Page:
Science

Stunning new Milky Way portrait captures more than 3 billion stars

Stunning new Milky Way portrait captures more than 3 billion stars
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How many stars can you count when you look up in the clear night sky? Not nearly as many as the Dark Energy Camera in Chile. Scientists have published a study of part of our home galaxy, the Milky Way, which contains 3.32 billion celestial objects, including billions of stars.

The National Science Foundation’s National Optical-Infrared Astronomy Research Laboratory (NOIRLab) operates DECam as part of an observatory project in Chile. The new astronomical dataset is the second release from the Dark Energy Camera Plane Survey (DECaPS2). NOIRLab called it “arguably the largest such catalog ever assembled,” it said in a statement on Wednesday.

Casual viewers can enjoy NOIRLab’s smaller version of the survey this provides a comprehensive overview. Who likes to go into detail this web viewer Let’s dig deeper into the data.

This broad swath of the Milky Way contains billions of celestial objects as part of the Dark Energy Camera Plane Survey.

DECaPS2/DOE/FNAL/DECam/CTIO/NOIRLab/NSF/AURA/M. Zamani & D. de Martin (NSF’s NOIRLab)

The camera used optical and near-infrared wavelengths of light to detect stars, star-forming regions, and clouds of gas and dust. “Imagine a group photo of over 3 billion people and every single individual is recognizable,” said NSF’s Debra Fischer. “Astronomers will be poring over this detailed portrait of more than 3 billion stars in the Milky Way for decades to come.”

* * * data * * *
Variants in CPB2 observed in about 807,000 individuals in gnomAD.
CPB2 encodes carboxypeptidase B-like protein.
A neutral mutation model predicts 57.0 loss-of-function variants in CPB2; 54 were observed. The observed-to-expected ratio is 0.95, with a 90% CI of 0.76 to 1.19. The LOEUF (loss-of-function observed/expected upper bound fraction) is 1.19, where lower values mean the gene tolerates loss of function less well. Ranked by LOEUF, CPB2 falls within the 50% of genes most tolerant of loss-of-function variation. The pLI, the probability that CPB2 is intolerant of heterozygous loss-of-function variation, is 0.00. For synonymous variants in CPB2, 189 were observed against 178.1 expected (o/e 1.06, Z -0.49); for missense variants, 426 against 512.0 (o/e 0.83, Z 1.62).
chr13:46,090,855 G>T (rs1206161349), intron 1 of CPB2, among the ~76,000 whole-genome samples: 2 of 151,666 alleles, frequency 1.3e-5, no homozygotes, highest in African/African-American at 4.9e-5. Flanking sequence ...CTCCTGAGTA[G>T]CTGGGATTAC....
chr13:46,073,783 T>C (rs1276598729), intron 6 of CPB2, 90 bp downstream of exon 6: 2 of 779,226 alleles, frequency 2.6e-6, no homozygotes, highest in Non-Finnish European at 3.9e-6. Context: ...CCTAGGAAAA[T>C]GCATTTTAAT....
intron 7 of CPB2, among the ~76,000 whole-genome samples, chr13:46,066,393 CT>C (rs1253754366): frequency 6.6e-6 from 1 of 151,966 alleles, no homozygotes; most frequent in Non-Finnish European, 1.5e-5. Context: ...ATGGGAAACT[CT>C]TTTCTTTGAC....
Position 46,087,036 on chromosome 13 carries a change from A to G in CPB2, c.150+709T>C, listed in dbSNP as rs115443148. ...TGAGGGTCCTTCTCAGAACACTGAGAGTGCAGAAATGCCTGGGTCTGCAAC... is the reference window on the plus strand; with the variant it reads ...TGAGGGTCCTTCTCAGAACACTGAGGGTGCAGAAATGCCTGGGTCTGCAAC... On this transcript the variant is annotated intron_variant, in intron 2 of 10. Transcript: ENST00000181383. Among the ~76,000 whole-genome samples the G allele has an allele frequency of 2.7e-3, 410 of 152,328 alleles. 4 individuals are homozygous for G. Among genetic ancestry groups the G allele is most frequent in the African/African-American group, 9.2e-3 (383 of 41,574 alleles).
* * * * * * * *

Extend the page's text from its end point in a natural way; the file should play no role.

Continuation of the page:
The survey looks at the disk of the Milky Way, which appears as a bright band along the image. It’s full of stars and dust. There’s so much of both that it can be difficult to figure out what’s happening. stars overlap. Dust hides stars. Careful data processing was required to clarify all of this.

“One of the main reasons for the success of DECaPS2 is that we simply pointed to a region with an exceptionally high density of stars and were careful to identify sources that appear almost on top of each other,” said a Harvard University graduate student Andreas SaydjariMain author of a Article about the survey published in Astrophysical Journal in this week.

Several billion stars might sound like a crazy number, but it’s just a small drop in the bucket. NASA estimates There are at least 100 billion stars in the Milky Way. The new survey covers only 6.5% of the night sky as seen from the southern hemisphere.

DECaPS2 was an epic, multi-year project consisting of 21,400 individual images and 10 terabytes of data. Description of NOIRLab fits the survey as a “gigantic astronomical data carpet”. We’ve never seen the Milky Way like this before. It’s beautiful and it’s humbling.

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